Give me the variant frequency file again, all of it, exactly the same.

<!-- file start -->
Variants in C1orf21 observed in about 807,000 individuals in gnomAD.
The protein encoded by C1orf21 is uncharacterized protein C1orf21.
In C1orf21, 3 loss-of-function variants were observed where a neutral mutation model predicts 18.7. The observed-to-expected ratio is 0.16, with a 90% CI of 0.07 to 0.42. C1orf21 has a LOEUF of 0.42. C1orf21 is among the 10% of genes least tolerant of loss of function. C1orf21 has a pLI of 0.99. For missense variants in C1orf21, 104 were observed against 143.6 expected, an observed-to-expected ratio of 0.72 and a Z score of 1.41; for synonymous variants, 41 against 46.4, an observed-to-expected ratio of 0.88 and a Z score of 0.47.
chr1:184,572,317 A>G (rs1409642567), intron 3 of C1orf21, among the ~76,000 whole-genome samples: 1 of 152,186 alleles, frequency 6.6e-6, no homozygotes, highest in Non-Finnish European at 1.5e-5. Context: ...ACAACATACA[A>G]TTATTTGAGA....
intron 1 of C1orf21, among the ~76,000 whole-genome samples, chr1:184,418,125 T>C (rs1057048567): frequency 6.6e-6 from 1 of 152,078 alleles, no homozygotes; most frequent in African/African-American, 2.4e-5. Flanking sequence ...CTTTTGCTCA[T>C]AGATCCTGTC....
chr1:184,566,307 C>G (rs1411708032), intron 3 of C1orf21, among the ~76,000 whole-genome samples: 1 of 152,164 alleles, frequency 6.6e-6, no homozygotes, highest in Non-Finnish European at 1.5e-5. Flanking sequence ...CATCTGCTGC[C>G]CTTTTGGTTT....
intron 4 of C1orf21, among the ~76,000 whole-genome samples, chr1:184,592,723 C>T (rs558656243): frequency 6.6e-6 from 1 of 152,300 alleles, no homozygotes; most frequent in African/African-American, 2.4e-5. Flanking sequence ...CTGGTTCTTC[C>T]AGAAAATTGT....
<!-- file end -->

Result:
Variants in C1orf21 observed in about 807,000 individuals in gnomAD.
The protein encoded by C1orf21 is uncharacterized protein C1orf21.
In C1orf21, 3 loss-of-function variants were observed where a neutral mutation model predicts 18.7. The observed-to-expected ratio is 0.16, with a 90% CI of 0.07 to 0.42. C1orf21 has a LOEUF of 0.42. C1orf21 is among the 10% of genes least tolerant of loss of function. C1orf21 has a pLI of 0.99. For missense variants in C1orf21, 104 were observed against 143.6 expected, an observed-to-expected ratio of 0.72 and a Z score of 1.41; for synonymous variants, 41 against 46.4, an observed-to-expected ratio of 0.88 and a Z score of 0.47.
chr1:184,572,317 A>G (rs1409642567), intron 3 of C1orf21, among the ~76,000 whole-genome samples: 1 of 152,186 alleles, frequency 6.6e-6, no homozygotes, highest in Non-Finnish European at 1.5e-5. Context: ...ACAACATACA[A>G]TTATTTGAGA....
intron 1 of C1orf21, among the ~76,000 whole-genome samples, chr1:184,418,125 T>C (rs1057048567): frequency 6.6e-6 from 1 of 152,078 alleles, no homozygotes; most frequent in African/African-American, 2.4e-5. Flanking sequence ...CTTTTGCTCA[T>C]AGATCCTGTC....
chr1:184,566,307 C>G (rs1411708032), intron 3 of C1orf21, among the ~76,000 whole-genome samples: 1 of 152,164 alleles, frequency 6.6e-6, no homozygotes, highest in Non-Finnish European at 1.5e-5. Flanking sequence ...CATCTGCTGC[C>G]CTTTTGGTTT....
intron 4 of C1orf21, among the ~76,000 whole-genome samples, chr1:184,592,723 C>T (rs558656243): frequency 6.6e-6 from 1 of 152,300 alleles, no homozygotes; most frequent in African/African-American, 2.4e-5. Flanking sequence ...CTGGTTCTTC[C>T]AGAAAATTGT....